Are Magazine Swimsuit Issues Actually Empowering?

Ending Sexploitation

Feb 24 2017 • 15 mins


The unspoken truth is that Sports Illustrated’s Swimsuit Issue is not a triumph of female athleticism, agency, or empowerment. Instead, it is a descent into sexual objectification.

Research sows that when someone is being objectified the objectifier is viewing them as if they do not possess a real, individual mind and as if they are less deserving of moral treatment.[1] Some claim that these experiences are “likely to contribute to mental health problems that disproportionately affect women (i.e., eating disorders, depression, and sexual dysfunction.)" [2]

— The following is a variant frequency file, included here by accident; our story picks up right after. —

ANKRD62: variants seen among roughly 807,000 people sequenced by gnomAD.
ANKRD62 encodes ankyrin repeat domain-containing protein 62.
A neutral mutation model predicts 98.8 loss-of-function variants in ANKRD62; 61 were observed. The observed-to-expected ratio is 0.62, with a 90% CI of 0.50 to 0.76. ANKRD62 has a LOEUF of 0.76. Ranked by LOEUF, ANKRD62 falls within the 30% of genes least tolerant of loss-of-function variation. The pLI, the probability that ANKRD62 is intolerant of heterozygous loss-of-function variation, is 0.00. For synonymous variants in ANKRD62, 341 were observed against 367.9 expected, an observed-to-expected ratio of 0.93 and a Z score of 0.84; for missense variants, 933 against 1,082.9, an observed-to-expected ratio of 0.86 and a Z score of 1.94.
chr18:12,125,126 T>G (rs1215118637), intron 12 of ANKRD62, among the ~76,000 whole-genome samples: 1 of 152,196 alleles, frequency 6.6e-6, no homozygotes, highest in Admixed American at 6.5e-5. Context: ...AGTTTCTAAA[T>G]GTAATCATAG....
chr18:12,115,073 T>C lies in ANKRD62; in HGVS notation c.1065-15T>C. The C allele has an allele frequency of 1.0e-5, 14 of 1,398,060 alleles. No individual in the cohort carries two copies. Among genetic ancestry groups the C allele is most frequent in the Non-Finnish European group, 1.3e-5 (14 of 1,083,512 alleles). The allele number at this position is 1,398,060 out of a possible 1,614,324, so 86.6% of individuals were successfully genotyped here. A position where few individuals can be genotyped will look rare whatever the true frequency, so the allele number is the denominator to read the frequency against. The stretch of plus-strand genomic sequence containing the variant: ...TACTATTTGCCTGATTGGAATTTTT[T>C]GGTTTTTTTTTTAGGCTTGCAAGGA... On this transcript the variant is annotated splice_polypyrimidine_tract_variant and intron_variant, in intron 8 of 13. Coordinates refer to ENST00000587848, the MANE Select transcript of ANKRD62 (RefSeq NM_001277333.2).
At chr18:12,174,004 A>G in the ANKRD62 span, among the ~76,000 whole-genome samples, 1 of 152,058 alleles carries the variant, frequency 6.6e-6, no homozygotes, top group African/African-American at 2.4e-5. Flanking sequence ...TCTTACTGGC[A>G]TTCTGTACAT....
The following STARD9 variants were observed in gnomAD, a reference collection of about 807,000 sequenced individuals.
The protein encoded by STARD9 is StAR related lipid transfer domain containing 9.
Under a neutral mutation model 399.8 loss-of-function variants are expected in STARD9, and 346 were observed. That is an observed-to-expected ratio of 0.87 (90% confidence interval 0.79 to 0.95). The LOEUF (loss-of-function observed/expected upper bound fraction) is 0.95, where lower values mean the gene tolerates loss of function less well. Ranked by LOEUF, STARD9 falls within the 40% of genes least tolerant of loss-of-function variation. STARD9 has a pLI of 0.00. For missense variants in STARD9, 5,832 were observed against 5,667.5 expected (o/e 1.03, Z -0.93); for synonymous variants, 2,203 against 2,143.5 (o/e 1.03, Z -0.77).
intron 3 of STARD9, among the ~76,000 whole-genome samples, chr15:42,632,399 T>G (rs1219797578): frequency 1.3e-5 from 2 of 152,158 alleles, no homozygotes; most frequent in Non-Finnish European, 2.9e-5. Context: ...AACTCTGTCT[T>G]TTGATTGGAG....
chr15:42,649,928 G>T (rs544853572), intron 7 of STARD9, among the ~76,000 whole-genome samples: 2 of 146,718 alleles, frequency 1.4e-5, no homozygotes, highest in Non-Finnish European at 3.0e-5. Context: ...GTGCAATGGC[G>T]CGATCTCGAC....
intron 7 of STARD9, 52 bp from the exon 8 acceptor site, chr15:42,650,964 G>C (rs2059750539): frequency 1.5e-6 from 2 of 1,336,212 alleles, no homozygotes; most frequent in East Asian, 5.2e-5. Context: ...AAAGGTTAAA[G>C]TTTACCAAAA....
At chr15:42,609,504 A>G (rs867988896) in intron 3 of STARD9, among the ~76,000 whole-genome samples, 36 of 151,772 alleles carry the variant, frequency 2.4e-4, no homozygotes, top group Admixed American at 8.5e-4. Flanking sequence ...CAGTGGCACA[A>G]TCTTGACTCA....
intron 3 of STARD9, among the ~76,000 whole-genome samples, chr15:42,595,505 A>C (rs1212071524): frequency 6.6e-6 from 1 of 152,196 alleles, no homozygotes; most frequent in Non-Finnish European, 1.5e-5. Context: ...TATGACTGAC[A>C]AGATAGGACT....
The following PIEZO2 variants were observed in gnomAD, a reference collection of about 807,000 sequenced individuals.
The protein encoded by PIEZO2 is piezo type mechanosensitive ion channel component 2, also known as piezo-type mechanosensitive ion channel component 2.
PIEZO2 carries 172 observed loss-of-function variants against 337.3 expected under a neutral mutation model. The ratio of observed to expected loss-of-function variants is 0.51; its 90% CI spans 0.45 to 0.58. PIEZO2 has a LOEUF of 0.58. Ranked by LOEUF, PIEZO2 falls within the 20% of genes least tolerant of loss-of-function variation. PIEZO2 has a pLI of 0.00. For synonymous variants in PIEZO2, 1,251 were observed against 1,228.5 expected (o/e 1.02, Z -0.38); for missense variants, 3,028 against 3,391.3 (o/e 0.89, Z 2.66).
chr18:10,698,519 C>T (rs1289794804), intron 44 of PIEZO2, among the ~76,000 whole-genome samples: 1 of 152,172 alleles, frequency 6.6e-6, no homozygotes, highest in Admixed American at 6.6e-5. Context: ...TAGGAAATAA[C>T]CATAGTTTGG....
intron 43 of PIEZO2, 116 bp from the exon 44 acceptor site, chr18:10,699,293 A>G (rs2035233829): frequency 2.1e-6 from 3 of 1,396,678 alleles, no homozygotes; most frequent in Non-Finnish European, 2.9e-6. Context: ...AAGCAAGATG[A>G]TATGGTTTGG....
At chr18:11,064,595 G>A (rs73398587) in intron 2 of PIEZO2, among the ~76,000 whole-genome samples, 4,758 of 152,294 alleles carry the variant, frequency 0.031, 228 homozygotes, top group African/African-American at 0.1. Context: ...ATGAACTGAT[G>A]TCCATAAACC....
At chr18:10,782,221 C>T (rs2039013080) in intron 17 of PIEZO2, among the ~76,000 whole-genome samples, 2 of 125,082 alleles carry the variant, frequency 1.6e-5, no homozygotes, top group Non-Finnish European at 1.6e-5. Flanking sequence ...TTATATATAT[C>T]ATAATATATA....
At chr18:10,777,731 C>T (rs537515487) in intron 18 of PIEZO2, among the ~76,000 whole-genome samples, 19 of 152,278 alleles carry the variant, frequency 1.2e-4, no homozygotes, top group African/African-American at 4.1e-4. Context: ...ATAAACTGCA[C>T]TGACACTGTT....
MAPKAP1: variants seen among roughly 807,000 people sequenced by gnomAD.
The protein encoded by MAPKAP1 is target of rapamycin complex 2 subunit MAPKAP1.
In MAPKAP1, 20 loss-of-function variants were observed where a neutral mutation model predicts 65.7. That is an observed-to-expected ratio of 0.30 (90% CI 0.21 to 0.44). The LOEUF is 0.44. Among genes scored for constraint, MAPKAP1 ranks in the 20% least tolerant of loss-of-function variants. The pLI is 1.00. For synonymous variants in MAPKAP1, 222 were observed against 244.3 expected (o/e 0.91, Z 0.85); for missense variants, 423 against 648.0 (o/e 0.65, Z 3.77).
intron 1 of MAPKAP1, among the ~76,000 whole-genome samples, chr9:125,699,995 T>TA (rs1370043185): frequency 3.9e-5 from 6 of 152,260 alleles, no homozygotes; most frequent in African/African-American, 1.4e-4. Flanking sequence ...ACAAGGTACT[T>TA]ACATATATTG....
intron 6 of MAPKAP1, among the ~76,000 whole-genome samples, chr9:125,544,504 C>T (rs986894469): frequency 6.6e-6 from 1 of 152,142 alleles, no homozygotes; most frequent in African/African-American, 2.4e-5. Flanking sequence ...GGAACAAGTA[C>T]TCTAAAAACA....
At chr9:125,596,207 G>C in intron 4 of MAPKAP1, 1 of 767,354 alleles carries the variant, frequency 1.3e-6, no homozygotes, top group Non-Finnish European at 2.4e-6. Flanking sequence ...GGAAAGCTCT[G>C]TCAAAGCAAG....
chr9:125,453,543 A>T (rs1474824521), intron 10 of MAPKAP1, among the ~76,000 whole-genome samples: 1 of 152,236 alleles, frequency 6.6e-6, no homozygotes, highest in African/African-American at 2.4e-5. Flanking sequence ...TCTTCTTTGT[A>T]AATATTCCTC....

Objectification also impacts men, as shown by the fact that sexual objectification occurs in 37% of advertisements featuring men's body parts to showcase a product.[3]

But why is it that so many people actively participate in objectification culture? This podcast will discuss the phenomenon of self-objectification, and why it is ultimately not empowering.

CALL TO ACTION:

Email Barnes & Noble executives to ask them to remove Playboy magazine from their shelves.

Citations:

[1] http://onlinelibrary.wiley.com/doi/10.1002/ejsp.755/full

[2] https://books.apa.org/education/ce/sexual-objectification.pdf

[3] https://www.ncbi.nlm.nih.gov/pubmed/23458607